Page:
It’s the week between Christmas and New Years. The joy and excitement (and stress) of Christmas are over, but the decorations can still be left alone. For now, at least. The New Year is just around the corner, ready to be filled with resolutions and bold new habits, but right now they only exist as a list and you can savor the last few days of not going to the gym at 6 a.m. or whatever it is you promised yourself on that sticky note on your desk. It’s a good week for reflection, so we asked a few of our authors to tell us what the holidays mean to them. We’re excited to share five essays from them this week. We start today with Jill McCorkle.
My earliest memories of Christmas are those I don’t even remember–Kodak moments caught in family slides where the big bulb lights distort the print in such a way that all that is visible of my sister and me are our glowing eyes on a background of lights and the strands of silver icicles. There are many such moments to follow of course and many tree versions, and yet, I never let go of the colorful bulbs and thin strands of silver. I think once artificial trees became available, we had one, and I was always so envious of the friends with real trees, especially flocked trees, especially the year one friend’s family had a pink flocked tree. First came the artificial tree and then the wave of all white lights. Then came those red satin balls. This would have been the same era when kitchen appliances were avocado green and harvest gold, people raked their carpet and Pintos backfired on every corner. My mother liked for those balls to hang in a uniform pattern and then to weave gold tinsel round and round equidistant from the balls. I could respect this, this need for order and symmetry and the great time and pain it took to get there, but it wasn’t what I had believed in so early. When I was eight, I decided I wanted my own tree and took a serrated steak knife and a small hatchet out into the woods along the interstate and got a little pine tree for our storage shed which had become my playhouse. I decorated it with silver icicles and cast off ornaments and aimed a flashlight so it looked like it was lit. This ritual continued for many years, satisfying my desire for a tree that was NOT orderly but looked like something that had just sprung from the earth, fresh and surprising. When too old for the playhouse, I decorated a plant in my room and then in college, my roommate and I always had a small tree–whatever we could find–even for that short bit of time during exams. As a grown up, I get a tree and get it up and lit as close to after Thanksgiving as I can. I can’t imagine not having a tree. I hear people talk about not wanting a tree because of the difficulty and hard work of it all and there is no part of my brain that understands this. It hits me the same way it does when I hear people talk about being tortured by writing. Damn. There is definitely a piece missing in that puzzle. I have found that in sad or hard years, I have wanted and needed that Christmas tree even more. The tree serves as a kind of ritual focal point. I like to get up and turn it on before the day begins–colored lights and silver strands–ornaments that have stories and history–glowing in the darkness. It is a time to look at what has been lost or left behind and a time to look ahead to the unknown. There’s something in the glow that makes me nostalgic but also leaves me filled with anticipation. It makes me think over the years and make mental lists of those people I miss, those I plan to write, those I want to thank; making good on such thoughts is always my resolution; some years I do better than others but the process and ritual remains. I realize I’m dangerously getting a little Hallmark here, but I’ll go for broke and say, I love my tree; I love the smell, and the sound of needles dropping onto packages below. I love how every year the tree is different, its weak spot turned to the corner and filled in with extra lights and icicles; its branches determining what ornaments best fit where, kid photos and home made things front and center. Something new always added.I always acknowledge how much I will miss the tree, especially those early mornings, but when January rolls around I am ready to let go and move on and get back to normal. I remove and box the ornaments, then I unplug and remove the lights; when the tree is tossed out into the yard, it’s branches still shining with silver threads, and I sweep up all the needles, I am already thinking of what I might do a little differently the next year–more lights? More icicles? Mainly, I just want more time sitting there in front of it.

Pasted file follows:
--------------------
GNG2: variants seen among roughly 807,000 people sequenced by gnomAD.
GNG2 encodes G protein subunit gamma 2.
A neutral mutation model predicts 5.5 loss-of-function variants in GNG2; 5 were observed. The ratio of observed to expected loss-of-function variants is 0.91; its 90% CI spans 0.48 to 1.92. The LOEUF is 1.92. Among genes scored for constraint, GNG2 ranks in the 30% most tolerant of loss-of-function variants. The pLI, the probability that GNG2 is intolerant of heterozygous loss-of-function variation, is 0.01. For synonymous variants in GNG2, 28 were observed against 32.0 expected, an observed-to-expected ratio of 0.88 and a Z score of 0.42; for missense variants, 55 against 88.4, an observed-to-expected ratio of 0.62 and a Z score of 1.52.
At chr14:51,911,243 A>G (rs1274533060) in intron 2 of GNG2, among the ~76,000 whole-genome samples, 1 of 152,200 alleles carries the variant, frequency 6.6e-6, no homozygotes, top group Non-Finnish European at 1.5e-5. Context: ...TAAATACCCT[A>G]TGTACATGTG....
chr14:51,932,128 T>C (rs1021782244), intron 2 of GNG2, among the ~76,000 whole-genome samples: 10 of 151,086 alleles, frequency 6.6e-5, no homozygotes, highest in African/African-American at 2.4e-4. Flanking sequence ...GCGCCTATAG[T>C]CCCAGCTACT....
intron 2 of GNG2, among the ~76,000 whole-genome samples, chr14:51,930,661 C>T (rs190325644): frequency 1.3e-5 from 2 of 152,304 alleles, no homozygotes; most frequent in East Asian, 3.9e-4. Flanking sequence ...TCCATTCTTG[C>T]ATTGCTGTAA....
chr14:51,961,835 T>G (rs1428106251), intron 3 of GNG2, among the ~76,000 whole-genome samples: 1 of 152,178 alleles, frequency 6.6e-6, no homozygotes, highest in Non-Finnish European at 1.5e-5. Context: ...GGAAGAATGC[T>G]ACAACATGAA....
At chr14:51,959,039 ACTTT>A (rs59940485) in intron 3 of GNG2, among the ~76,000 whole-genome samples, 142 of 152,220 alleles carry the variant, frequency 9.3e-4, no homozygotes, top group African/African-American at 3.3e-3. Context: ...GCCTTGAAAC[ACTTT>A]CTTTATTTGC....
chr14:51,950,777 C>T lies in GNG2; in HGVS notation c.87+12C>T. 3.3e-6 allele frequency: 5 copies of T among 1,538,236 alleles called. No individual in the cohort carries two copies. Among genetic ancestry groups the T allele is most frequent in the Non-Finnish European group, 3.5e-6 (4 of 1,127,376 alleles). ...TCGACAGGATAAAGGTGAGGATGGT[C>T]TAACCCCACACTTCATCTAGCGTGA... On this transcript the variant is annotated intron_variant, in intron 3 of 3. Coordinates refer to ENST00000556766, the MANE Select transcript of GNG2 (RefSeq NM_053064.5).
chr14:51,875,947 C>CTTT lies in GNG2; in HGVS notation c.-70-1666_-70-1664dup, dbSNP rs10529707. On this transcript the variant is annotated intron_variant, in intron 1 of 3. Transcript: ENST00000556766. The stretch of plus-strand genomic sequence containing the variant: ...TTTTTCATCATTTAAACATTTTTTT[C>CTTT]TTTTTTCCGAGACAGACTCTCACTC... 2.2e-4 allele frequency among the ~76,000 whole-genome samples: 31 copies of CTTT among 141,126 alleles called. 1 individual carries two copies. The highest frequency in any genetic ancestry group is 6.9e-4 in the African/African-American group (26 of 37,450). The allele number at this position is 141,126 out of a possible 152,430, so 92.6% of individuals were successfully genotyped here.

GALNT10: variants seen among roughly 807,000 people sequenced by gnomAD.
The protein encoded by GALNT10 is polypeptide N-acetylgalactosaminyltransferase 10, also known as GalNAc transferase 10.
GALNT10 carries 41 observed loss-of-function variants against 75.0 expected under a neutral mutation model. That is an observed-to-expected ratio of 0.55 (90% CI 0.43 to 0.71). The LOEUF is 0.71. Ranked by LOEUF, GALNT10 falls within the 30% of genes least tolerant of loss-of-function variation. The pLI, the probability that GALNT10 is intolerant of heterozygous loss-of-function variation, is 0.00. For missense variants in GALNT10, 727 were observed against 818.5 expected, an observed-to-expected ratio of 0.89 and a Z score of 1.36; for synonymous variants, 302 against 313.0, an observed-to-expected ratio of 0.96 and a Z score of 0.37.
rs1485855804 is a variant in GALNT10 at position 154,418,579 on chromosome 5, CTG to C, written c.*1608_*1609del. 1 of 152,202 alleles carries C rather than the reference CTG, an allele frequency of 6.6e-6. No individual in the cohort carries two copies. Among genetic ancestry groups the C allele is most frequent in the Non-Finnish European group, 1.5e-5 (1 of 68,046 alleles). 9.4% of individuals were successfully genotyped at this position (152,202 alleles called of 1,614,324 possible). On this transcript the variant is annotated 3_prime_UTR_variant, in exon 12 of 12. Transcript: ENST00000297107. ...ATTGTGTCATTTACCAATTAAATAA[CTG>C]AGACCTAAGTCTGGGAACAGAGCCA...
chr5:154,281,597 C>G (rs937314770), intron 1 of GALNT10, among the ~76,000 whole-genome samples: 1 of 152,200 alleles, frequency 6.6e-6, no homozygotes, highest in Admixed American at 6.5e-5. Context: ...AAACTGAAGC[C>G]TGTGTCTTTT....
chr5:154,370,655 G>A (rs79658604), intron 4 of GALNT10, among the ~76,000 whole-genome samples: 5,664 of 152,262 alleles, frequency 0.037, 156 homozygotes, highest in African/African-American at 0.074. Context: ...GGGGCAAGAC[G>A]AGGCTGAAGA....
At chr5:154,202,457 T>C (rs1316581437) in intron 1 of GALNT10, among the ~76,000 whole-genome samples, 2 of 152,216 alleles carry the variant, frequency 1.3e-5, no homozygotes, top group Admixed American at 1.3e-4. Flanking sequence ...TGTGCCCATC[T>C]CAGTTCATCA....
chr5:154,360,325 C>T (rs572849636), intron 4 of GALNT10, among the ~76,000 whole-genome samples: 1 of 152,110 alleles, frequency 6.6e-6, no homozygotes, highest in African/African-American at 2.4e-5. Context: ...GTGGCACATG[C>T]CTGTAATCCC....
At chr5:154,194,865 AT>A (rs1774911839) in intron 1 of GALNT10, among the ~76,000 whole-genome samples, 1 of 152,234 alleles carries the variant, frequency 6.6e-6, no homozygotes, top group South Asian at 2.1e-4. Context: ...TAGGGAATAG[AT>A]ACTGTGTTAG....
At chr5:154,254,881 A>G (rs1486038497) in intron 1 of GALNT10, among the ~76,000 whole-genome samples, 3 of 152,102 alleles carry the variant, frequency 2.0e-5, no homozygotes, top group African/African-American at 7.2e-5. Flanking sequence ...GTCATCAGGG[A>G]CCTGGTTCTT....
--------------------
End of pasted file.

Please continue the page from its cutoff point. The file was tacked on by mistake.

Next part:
Jill McCorkle is the author of eight previous books, five of which were New York Times Notable books. Two stories in Going Away Shoes were published in The Best American Short Stories. Winner of the New England Book Award, the Dos Passos Prize for Excellence in Literature, and the North Carolina Award for Literature, McCorkle teaches writing at North Carolina State University and lives with her husband in Hillsborough, North Carolina.